Dick Durbin: Border Crisis Has 'Nothing to Do with DACA'
On Thursday, Sen. Dick Durbin (D-IL) said President Barack Obama's temporary amnesty program for some illegal immigrant children has nothing to do with the increase in the number of illegal immigrant kids flooding across the border.
"I authored the DREAM Act; I'm proud of it," Durbin said at a Senate Appropriations Committee hearing on the $3.7 billion the Obama administration has requested to deal with the crisis. Durbin also said that he urged Obama to sign the Deferred Action for Childhood Arrivals (DACA) program and he was "proud that he did." He said he was "not going to stand here and let people blame those two acts for what we're facing today."
"It had nothing to do with DACA," Durbin said. He added that there were increases in the number of children from El Salvador, Honduras, and Guatemala who went to other neighboring countries after 2012, but Durbin did not mention that many of those children were en route to the United States.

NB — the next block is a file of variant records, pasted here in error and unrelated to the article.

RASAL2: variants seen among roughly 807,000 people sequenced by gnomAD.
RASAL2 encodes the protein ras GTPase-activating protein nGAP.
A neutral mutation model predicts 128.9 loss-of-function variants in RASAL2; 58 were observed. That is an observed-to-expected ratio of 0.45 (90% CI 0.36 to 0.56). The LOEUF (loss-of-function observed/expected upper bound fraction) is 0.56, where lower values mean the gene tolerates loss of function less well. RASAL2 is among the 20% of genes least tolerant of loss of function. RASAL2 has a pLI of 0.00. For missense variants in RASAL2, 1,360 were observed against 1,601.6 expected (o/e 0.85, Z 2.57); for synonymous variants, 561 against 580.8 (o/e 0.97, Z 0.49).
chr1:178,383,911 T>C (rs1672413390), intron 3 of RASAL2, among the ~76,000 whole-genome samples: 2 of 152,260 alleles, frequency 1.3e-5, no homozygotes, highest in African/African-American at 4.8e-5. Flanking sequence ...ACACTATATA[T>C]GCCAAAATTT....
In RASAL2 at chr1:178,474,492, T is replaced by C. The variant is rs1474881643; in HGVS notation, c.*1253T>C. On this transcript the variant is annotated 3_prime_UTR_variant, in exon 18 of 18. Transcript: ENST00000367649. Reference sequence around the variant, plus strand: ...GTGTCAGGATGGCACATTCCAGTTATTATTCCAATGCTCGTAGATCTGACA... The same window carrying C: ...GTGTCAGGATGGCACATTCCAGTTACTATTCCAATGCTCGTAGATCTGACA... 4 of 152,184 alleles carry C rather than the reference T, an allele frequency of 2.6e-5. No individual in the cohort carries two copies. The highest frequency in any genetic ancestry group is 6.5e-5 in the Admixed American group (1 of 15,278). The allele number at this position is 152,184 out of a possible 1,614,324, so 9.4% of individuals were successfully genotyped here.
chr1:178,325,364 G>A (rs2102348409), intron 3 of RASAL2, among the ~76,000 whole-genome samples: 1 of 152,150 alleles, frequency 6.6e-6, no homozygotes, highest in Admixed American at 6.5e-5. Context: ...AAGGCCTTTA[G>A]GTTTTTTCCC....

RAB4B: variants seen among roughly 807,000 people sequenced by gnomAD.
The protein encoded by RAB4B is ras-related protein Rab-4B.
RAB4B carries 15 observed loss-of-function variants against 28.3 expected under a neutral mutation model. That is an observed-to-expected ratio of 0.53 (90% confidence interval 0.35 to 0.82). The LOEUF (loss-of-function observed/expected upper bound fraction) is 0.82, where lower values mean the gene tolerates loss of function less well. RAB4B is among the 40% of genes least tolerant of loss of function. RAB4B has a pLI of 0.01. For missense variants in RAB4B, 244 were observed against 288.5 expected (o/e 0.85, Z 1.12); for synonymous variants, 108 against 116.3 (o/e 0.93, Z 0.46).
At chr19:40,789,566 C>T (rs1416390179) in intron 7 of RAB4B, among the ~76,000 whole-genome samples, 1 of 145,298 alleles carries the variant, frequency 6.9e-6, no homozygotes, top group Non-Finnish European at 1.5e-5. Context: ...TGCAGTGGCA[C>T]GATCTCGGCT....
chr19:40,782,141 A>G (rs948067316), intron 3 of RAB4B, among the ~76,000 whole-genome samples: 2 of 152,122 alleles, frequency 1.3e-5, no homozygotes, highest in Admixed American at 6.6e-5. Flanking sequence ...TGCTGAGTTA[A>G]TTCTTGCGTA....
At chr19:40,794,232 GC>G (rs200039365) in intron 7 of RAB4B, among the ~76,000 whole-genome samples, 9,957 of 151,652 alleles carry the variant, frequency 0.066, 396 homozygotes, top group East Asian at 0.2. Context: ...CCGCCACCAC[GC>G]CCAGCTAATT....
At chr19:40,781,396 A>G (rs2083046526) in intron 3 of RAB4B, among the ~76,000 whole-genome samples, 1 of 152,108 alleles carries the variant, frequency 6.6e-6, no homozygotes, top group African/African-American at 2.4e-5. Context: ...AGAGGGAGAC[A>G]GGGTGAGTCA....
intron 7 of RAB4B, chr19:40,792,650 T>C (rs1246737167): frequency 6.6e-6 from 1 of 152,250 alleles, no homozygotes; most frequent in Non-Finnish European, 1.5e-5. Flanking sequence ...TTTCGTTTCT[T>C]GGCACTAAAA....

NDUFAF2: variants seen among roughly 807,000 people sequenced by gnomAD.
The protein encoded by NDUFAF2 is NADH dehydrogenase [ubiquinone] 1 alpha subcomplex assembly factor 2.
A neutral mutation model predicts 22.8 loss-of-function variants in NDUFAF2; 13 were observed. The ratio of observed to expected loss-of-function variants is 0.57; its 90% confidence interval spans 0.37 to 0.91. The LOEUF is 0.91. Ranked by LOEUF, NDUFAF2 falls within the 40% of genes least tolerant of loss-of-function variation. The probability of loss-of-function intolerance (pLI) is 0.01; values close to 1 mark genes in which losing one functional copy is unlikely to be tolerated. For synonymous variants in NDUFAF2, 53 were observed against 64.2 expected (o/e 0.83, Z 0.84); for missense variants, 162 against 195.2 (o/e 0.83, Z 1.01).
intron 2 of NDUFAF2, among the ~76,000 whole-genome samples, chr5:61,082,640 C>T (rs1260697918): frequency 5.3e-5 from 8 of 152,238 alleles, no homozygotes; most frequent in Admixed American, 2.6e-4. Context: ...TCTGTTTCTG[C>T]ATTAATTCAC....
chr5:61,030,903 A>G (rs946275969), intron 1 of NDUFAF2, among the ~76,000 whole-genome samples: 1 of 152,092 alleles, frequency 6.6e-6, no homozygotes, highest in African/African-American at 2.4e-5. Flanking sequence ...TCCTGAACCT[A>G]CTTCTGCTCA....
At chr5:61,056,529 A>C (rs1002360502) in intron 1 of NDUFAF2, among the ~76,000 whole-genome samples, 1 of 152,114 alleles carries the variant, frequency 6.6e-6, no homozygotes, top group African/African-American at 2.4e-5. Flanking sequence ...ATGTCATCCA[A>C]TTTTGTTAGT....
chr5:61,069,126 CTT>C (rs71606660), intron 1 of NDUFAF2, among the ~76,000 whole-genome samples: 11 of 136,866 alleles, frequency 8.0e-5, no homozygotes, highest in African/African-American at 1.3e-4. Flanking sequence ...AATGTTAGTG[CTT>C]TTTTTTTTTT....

The number of illegal immigrants that have crossed the border increased in the year after Obama unilaterally enacted DACA, which the White House said Obama will not rescind:
According to the Christian Science Monitor, "during the decade preceding fiscal year 2012, the federal government agency tasked with caring for unaccompanied minors who cross the border illegally dealt with an average of 7,000 to 8,000 cases a year." In fiscal year 2011, there were 6,560, according to the Department of Health and Human Services.
Yet, as the Monitor noted, the following year, when Obama enacted DACA, "the number jumped to 13,625," and at least 50,000 have entered illegally since October of last year. Officials estimate at least 150,000-160,000 more will try next year.
Though White House officials have gone on a public relations campaign to tell Central Americans that they will not receive amnesty, many illegal immigrants have said they traveled to America believing the Obama administration would never deport them if they made it across the U.S.-Mexico border.